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Tom Collins' energy, optimism left smiles in his wake
Tom Collins' energy, optimism left smiles in his wake

Nobody could smile like Tom Collins.

It was that flash of sunshine and joy and goodness kind of a smile that made strangers instantly feel welcomed and melt the worries of those it beamed upon.

When Tom smiled, his eyes shined with that deep-in-the-bones kind of joy, the kind of joy that embraces the smallest moments of everyday life, which when combined over time, wove a life that was one long momentous occasion.

When he had an accordion - or a fly rod - in his hands, that's when Tom's smile became downright magical, and he, downright magnetic.

And, by most accounts, that was most of the time, most of his life.

By the time he passed away, Jan. 7, at age 82, his family members didn't dare count the number of friends and acquaintances he tended to in his remarkably gregarious life.

"I always admired the fact that he would get up early in morning and correspond with all the people he wanted to keep in touch with - friends in Pennsylvania, in New Zealand, Nevada," said Jack Roemer, Tom's long-time Missoula friend and hunting companion.

"He loved people, and he had countless friends all over the world," he said. "He was the kind of guy, who if he met you, he would not forget you and most likely he'd write your name down and keep track of it, and you."

Each Christmas, Tom wrote and sent out well over 300 cards and each one of them had a personalized note, said Patrick Collins, the youngest of Tom's two boys.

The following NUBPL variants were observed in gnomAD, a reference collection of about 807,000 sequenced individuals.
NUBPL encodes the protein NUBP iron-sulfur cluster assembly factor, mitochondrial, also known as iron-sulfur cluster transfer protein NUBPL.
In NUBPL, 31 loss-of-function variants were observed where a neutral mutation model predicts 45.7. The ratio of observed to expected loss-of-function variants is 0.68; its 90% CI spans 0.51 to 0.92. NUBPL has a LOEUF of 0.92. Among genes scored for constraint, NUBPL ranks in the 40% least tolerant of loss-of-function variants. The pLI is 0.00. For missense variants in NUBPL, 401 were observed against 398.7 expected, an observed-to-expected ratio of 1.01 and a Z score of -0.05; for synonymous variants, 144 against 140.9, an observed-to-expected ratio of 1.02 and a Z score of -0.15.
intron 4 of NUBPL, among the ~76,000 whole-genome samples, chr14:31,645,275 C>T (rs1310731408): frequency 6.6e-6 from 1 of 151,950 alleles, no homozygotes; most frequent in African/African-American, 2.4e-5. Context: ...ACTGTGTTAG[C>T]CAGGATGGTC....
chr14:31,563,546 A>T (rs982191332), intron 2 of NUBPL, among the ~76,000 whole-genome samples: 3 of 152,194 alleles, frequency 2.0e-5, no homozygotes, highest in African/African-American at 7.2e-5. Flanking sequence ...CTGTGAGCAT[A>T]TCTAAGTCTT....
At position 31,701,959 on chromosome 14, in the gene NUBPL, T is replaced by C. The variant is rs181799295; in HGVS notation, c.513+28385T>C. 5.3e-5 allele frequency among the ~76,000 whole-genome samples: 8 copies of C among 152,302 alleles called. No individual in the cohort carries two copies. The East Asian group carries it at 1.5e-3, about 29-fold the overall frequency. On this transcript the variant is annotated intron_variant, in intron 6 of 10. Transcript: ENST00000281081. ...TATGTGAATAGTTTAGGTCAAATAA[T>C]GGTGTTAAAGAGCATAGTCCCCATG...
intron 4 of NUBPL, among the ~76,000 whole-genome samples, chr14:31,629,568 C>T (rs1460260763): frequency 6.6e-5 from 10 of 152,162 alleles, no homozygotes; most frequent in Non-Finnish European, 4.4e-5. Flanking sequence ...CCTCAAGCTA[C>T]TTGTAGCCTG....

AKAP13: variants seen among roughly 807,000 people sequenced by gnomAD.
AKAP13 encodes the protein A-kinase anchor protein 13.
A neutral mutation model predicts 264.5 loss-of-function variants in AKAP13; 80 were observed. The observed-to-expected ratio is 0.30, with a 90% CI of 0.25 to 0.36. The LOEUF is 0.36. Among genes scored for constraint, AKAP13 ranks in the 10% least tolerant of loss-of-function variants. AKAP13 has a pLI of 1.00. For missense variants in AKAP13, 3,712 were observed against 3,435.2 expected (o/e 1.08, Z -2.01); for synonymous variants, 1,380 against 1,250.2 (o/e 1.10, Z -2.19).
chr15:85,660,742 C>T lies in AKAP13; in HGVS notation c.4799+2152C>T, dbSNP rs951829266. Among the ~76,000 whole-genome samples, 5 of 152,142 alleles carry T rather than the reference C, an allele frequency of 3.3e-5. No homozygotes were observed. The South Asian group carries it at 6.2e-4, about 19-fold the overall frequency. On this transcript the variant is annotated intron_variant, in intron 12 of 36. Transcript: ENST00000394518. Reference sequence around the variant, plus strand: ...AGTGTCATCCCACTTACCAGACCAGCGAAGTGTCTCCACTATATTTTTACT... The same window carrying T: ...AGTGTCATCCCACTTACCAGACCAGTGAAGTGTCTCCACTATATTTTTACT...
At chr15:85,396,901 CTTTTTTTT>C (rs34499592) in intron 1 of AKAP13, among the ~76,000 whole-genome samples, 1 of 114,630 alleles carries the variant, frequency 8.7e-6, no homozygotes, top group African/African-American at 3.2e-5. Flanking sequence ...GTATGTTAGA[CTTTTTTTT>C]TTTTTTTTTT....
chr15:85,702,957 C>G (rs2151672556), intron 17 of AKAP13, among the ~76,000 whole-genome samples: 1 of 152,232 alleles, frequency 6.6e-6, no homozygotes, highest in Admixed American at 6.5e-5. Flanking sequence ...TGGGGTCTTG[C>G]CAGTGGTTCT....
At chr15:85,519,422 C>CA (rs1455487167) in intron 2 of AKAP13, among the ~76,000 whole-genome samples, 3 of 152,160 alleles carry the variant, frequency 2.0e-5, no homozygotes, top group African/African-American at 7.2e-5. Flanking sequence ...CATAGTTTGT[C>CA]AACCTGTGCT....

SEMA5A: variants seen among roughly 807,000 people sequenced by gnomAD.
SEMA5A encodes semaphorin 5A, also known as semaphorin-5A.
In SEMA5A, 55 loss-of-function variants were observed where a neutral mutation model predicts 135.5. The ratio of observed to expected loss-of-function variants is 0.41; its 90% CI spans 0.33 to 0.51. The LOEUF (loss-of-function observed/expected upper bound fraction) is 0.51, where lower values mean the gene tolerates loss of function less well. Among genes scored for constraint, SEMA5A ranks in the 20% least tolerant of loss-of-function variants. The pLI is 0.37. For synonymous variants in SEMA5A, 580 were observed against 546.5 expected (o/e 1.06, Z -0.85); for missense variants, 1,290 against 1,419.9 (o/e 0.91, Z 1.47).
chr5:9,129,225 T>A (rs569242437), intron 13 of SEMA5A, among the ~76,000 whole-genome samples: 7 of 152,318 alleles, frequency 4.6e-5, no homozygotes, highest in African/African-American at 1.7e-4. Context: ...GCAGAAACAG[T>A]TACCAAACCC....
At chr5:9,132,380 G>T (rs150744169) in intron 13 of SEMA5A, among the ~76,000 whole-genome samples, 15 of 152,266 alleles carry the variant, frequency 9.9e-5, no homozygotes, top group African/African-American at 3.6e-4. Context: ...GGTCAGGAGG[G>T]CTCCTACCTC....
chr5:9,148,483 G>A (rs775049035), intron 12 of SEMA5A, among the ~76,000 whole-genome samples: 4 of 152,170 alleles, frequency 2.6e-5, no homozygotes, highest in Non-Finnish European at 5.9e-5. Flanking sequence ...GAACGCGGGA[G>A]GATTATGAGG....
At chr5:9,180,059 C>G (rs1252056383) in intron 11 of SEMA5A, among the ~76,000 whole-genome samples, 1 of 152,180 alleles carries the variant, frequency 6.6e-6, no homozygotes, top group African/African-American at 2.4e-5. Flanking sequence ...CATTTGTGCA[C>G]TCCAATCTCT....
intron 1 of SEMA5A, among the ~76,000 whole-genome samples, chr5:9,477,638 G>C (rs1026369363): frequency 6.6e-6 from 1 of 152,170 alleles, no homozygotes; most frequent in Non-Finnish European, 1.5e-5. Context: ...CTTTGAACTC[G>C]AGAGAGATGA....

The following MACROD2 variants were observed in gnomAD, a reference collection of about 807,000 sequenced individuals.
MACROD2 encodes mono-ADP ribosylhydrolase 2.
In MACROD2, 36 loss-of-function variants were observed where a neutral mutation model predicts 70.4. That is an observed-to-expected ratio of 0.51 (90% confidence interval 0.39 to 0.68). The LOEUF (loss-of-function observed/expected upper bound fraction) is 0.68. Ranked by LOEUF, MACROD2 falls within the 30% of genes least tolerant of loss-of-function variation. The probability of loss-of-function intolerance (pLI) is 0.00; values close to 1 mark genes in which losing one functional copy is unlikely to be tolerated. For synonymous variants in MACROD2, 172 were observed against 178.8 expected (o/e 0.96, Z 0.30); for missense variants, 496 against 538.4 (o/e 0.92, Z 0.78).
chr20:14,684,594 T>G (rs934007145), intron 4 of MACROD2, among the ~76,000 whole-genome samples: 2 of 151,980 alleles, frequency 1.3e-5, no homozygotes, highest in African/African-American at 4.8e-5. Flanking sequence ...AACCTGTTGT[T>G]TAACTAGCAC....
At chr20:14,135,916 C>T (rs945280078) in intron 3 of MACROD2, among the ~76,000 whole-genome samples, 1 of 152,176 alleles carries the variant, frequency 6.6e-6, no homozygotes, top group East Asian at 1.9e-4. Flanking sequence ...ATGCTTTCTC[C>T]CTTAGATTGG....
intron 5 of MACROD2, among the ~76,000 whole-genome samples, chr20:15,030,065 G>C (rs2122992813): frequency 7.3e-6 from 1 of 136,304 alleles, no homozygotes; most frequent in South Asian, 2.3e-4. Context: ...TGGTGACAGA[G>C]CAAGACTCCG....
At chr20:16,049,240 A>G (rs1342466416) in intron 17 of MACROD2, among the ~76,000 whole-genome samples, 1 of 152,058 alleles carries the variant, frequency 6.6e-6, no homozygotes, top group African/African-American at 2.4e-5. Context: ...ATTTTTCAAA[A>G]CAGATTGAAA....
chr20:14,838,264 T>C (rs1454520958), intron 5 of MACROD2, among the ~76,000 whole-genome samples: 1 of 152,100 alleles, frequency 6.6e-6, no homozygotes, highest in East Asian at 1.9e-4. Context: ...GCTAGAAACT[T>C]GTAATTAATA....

But it wasn't just at the holidays that he wrote or contacted his friends. For him, staying in touch was a weekly, biweekly and monthly routine he stuck to his whole life. Once someone was on his list, there they remained.

"He would write these wonderful notes," said Oz Gutsche, a longtime friend who served as a co-trustee with Tom for the Alexander Dawson charitable trust foundation.

"He just had a special touch with people, a lost art if you will, that really made him stand out in today's hectic world. He was always so cordial, always such a gentleman."

Every week for 35 years he called his good friend Doug Swanson in Erie, Pa., to catch up, plan their annual fishing trips and talk Swanson into joining he and his wife, Bettie, on their Montana outings.

Like many of his friendships, Tom's relationship with Swanson began because of a chance meeting. Swanson's father, a severe diabetic, needed a vacation and boarded a train in 1957 to Washington state where he became friendly with a train employee. The train employee told the senior Swanson that Spokane was not the place to rejuvenate; Montana was.

"Go to Missoula and look up a guy named Tom Collins, and he'll tell you where to fish," the train employee said.

So the senior Swanson did and got more than he bargained for: a fishing guide and a lifelong friend.

"Dad died a few years after that first visit," Swanson said. "Tom was kind enough to continue the friendship through the mail and by phone, and every year he invited me out to go on a pack trip with him."

"My father was only 20 years older than me, and when he died, Tom, who was a few years younger than my dad, became more like an older brother to me," he said. "Over the years, he became a good friend and mentor."